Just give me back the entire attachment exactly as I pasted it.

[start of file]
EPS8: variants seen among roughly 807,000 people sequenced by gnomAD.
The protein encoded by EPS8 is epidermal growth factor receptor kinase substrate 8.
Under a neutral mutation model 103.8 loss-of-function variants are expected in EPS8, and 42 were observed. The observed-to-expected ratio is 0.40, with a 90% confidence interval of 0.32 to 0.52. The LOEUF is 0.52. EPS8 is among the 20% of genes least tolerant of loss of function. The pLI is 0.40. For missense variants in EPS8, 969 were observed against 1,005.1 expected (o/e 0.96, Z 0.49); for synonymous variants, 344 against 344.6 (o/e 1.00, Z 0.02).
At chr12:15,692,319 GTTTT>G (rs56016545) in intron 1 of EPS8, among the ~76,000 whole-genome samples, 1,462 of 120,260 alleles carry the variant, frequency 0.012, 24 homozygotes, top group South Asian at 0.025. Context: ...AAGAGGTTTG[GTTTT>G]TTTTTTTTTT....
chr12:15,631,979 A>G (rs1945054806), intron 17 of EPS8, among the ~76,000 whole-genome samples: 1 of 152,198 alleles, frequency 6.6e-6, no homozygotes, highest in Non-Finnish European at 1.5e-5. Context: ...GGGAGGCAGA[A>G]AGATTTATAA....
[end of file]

EPS8: variants seen among roughly 807,000 people sequenced by gnomAD.
The protein encoded by EPS8 is epidermal growth factor receptor kinase substrate 8.
Under a neutral mutation model 103.8 loss-of-function variants are expected in EPS8, and 42 were observed. The observed-to-expected ratio is 0.40, with a 90% confidence interval of 0.32 to 0.52. The LOEUF is 0.52. EPS8 is among the 20% of genes least tolerant of loss of function. The pLI is 0.40. For missense variants in EPS8, 969 were observed against 1,005.1 expected (o/e 0.96, Z 0.49); for synonymous variants, 344 against 344.6 (o/e 1.00, Z 0.02).
At chr12:15,692,319 GTTTT>G (rs56016545) in intron 1 of EPS8, among the ~76,000 whole-genome samples, 1,462 of 120,260 alleles carry the variant, frequency 0.012, 24 homozygotes, top group South Asian at 0.025. Context: ...AAGAGGTTTG[GTTTT>G]TTTTTTTTTT....
chr12:15,631,979 A>G (rs1945054806), intron 17 of EPS8, among the ~76,000 whole-genome samples: 1 of 152,198 alleles, frequency 6.6e-6, no homozygotes, highest in Non-Finnish European at 1.5e-5. Context: ...GGGAGGCAGA[A>G]AGATTTATAA....